Do we need to separate domain types and db access type? - Haskell

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Rizary

Joel McCracken said:

yep. I agree with Kris fwiw, its better to have your business logic in pure types, and have a monad transformer stack "at the edges". I'd like to keep PersistT out of things as much as possible just because of the principle of least power!

@Joel McCracken to avoid discussing different topic in the same stream, I dig a little about this and found MaxGabriel's comment on this issue https://github.com/yesodweb/persistent/issues/1115. looking at this, I'm not sure if what Kris's said is true in all cases.

It has been reported that persistent encourages you to use your database types in your domain. We should investigate the documentation for persistent and ensure that is not the case. We should inst...
Georgi Lyubenov // googleson78

it may be possible to share the types sometimes, but I think it's a much safer to always separate them by default

Georgi Lyubenov // googleson78

and only merge them if you have to optimise (although I don't imagine this deconstructing/constructing of types with one constructor to really cost much in most cases)

Fintan Halpenny

I think another issue for said database was that the representation of the domain was tied to how you could formulate it in terms of the types the database could handle.
In reality, we could have had a better representation in the Haskell domain and have boundary conversions to/from the database representation.

Joel McCracken

Well, what Kris said is certainly an opinion; i don't think its the only valid one. I do agree though, its much easier to reason with pure code instead of code that is interspersed with a monad transformer stack, so that take that for what its worth

Joel McCracken

There are two separate issues here though and im not sure which one is being discussed exactly; are we talking about having separate domain logic and persistence types, or are we discussing if it makes sense to have PersistT interspersed throughout your business code?

Georgi Lyubenov // googleson78

we were discussing the domain vs persistence types, as far as I can tell

Georgi Lyubenov // googleson78

ofcourse it's also better to not have SqlPersistT around in your business logic, the same way it's better not to have IO directly

Joel McCracken

yeah so i mean there are several things here; generally the preferred domain type you might have is not going to be be the same as the preferred type for persistence

Joel McCracken

https://github.com/yesodweb/persistent/issues/1115#issuecomment-690094112 @Georgi Lyubenov // googleson78 has a great example there

It has been reported that persistent encourages you to use your database types in your domain. We should investigate the documentation for persistent and ensure that is not the case. We should inst...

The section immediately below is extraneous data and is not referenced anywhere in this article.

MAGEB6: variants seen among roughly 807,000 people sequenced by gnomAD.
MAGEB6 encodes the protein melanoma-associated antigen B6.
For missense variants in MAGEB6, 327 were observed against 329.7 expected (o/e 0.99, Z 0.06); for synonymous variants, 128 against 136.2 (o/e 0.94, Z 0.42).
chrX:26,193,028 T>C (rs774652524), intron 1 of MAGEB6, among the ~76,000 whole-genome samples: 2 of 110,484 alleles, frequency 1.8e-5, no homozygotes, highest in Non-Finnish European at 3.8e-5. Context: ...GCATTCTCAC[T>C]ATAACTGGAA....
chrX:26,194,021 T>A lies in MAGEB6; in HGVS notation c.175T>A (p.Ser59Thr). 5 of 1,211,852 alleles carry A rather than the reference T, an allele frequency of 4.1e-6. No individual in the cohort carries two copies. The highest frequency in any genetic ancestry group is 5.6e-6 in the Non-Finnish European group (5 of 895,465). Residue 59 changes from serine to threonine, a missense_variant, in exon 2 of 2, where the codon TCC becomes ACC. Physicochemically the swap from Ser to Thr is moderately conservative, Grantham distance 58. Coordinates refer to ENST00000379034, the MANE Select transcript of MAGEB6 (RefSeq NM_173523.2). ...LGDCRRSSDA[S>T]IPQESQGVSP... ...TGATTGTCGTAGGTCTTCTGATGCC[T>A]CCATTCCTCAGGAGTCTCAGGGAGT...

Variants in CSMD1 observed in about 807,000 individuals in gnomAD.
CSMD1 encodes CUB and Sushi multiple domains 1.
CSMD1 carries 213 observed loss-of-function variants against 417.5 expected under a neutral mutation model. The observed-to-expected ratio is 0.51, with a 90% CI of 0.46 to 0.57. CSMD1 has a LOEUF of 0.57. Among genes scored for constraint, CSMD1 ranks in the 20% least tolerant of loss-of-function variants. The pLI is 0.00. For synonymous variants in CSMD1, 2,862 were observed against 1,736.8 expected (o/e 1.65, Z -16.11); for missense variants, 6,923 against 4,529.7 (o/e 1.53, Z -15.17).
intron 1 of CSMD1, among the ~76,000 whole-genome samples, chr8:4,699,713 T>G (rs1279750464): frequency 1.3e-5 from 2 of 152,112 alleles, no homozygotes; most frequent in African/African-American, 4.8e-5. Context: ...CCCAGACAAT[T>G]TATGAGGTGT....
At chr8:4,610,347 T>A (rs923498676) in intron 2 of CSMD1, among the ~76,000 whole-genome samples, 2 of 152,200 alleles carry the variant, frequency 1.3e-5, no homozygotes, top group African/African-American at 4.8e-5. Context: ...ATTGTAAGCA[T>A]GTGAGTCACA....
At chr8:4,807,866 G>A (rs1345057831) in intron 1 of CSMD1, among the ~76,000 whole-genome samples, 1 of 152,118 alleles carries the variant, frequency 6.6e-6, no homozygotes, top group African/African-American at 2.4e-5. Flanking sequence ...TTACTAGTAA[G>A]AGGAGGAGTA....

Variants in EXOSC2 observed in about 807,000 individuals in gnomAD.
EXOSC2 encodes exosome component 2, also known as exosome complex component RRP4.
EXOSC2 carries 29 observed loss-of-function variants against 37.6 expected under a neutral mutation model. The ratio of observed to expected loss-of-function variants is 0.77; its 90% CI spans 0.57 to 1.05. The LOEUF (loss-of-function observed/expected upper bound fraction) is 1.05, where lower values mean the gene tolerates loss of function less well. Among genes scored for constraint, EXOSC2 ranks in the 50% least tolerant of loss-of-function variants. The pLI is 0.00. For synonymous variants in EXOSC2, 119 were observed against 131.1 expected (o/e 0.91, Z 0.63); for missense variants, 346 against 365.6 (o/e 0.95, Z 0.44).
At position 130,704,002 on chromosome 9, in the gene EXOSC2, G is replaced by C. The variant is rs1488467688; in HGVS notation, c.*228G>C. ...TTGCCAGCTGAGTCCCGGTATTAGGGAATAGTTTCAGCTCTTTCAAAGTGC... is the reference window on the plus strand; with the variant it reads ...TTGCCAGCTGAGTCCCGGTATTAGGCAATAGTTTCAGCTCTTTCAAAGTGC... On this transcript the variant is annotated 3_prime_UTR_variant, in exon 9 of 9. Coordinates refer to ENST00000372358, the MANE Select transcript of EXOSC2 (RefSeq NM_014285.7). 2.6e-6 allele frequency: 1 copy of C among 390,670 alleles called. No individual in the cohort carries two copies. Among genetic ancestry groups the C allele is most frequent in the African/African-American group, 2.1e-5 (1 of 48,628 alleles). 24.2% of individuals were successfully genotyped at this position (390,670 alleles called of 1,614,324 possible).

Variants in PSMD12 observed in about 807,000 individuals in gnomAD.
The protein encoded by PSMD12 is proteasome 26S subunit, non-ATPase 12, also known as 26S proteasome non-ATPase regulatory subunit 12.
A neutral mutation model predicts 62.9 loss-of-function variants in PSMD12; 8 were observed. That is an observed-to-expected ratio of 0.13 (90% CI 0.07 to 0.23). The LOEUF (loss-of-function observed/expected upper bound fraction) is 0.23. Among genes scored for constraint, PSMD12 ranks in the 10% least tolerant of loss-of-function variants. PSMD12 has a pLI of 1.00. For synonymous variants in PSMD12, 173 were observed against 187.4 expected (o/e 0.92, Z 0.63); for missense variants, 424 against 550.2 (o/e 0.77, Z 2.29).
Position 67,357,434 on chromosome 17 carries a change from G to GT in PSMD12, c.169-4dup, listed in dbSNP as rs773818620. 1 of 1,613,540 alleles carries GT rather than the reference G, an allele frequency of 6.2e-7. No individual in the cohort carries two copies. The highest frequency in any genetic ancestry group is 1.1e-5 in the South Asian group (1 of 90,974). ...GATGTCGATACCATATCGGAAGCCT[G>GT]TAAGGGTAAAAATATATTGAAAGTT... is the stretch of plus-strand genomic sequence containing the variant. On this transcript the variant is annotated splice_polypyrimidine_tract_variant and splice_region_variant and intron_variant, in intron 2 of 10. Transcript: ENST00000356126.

Joel McCracken

now, you can actually use them sometimes, but you just need to be aware that you have implicit coupling, and you may need to split them out at some point

Joel McCracken

would an example help illuminate the issue @Rizary ?

codygman

I bet an example would help. Seperating domain types and persistent entities are a hard sell if many things end up like:

[persistLowerCase |
    PersonDBO
      age Int
]

data Person = Person { _id :: Int64, age :: Int}

personDBOToPerson :: PersonDBO -> Person

If the two types end up being the same, it seems kind of pointless.

James King

It can seem like extra work. But it does give you some flexibility to change representation at the database layer without having to change your business logic.

It doesn't happen a lot in straight-forward CRUD web applications in my experience... but it can be nice for lazy loading related data, changing underlying representations for performance reasons, sharding, etc.

James King

I usually do this stuff in the database itself with physical tables being separated by views and materialized views. :shrug:

James King

You might also have some meta-information on the DB type that you could discharge to Either in the personDBOToPerson function... :thinking:

James King

That's pretty random. Never mind me. :sweat_smile:

Fintan Halpenny

Well, the Person example above is already broken. A Person shouldn't be able to have negative age :stuck_out_tongue_wink:

codygman

I think sometimes it can be good to separate, but for CRUD apps I can't make a good argument for separating all the time.

codygman

Right, so making smart constructors for person from personDbo justifies separation

Fintan Halpenny

You might also want migration paths. If your DB representation changes doesn't necessarily mean your logic needs to

codygman

Thing is, the lazier thing is to say "eh that's not a big deal". I think using entities directly discourages type safety, esp in the "parse don't validate" sense

Rizary

Joel McCracken said:

would an example help illuminate the issue Rizary ?

it will if you don't mind!! thanks, always appreciate your response.

Joel McCracken

lemmie think on it; i think the issues would be best illustrated in a reasonably sizable example